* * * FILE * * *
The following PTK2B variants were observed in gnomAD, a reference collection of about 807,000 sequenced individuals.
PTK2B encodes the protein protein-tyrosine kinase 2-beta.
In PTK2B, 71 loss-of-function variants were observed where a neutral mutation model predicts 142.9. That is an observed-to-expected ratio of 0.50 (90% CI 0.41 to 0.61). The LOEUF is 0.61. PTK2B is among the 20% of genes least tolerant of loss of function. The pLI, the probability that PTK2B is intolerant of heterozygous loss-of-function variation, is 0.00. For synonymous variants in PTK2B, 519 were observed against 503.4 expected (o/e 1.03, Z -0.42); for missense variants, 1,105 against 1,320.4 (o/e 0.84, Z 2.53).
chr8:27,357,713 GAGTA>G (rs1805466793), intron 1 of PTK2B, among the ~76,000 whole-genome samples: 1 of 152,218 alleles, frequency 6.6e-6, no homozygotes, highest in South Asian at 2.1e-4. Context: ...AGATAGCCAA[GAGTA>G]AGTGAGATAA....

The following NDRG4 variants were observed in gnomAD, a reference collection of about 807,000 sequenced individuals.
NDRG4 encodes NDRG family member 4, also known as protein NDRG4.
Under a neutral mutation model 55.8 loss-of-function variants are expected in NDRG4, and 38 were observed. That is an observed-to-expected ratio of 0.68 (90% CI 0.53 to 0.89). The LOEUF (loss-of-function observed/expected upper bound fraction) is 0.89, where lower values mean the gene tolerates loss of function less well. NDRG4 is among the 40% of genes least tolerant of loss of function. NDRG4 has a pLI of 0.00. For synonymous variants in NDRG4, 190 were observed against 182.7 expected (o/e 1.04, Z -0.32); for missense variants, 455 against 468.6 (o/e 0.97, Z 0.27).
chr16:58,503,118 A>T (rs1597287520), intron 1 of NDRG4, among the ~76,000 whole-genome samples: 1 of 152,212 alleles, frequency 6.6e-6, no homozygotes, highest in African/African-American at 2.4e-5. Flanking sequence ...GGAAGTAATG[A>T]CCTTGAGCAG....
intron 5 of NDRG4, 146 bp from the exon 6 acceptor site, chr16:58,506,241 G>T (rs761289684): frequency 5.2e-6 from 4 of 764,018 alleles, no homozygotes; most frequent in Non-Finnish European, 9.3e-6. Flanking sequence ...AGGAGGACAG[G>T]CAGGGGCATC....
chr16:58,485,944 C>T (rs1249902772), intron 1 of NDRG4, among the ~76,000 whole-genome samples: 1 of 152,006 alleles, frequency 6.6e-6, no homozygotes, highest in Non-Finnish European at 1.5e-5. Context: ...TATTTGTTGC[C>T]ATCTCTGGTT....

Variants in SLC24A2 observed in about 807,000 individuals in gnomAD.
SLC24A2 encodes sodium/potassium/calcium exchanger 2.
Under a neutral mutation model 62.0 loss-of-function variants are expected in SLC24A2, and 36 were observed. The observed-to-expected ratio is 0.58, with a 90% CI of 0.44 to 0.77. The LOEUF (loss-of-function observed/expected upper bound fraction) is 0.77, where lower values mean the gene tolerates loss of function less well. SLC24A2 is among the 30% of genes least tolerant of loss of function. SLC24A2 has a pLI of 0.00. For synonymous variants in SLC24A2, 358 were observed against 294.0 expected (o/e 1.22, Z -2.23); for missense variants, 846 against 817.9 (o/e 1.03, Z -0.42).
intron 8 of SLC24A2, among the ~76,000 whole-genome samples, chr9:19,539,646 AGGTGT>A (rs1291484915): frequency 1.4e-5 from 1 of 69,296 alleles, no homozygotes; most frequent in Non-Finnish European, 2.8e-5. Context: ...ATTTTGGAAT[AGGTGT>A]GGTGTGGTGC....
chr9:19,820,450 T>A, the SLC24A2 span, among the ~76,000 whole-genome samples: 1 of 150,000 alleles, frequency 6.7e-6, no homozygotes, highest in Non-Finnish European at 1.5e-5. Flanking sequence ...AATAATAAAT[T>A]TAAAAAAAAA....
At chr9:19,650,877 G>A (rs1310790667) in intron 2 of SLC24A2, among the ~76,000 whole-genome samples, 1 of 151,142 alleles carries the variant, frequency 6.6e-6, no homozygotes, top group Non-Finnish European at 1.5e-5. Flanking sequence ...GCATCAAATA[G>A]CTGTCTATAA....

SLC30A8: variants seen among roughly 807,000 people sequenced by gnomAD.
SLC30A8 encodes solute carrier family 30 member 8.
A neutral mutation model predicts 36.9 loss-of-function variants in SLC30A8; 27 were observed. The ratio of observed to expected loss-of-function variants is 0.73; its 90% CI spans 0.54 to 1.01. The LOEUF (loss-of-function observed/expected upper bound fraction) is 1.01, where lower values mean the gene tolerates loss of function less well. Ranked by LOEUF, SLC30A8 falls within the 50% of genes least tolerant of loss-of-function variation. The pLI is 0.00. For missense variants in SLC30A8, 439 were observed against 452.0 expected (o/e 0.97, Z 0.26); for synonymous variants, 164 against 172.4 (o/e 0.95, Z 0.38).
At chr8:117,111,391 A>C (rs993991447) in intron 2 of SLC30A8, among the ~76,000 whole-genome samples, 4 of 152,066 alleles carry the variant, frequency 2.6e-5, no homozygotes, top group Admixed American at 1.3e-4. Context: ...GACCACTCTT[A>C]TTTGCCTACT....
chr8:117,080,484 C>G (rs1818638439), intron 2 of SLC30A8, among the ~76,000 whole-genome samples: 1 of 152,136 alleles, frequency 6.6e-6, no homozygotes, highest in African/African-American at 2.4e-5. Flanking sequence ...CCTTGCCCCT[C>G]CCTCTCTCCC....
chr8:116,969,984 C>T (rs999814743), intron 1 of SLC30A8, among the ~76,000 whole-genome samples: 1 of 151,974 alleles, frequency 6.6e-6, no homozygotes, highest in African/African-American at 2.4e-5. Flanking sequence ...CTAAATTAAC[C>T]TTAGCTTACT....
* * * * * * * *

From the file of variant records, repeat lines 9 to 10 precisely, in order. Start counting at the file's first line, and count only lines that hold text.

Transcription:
intron 5 of NDRG4, 146 bp from the exon 6 acceptor site, chr16:58,506,241 G>T (rs761289684): frequency 5.2e-6 from 4 of 764,018 alleles, no homozygotes; most frequent in Non-Finnish European, 9.3e-6. Flanking sequence ...AGGAGGACAG[G>T]CAGGGGCATC....
chr16:58,485,944 C>T (rs1249902772), intron 1 of NDRG4, among the ~76,000 whole-genome samples: 1 of 152,006 alleles, frequency 6.6e-6, no homozygotes, highest in Non-Finnish European at 1.5e-5. Context: ...TATTTGTTGC[C>T]ATCTCTGGTT....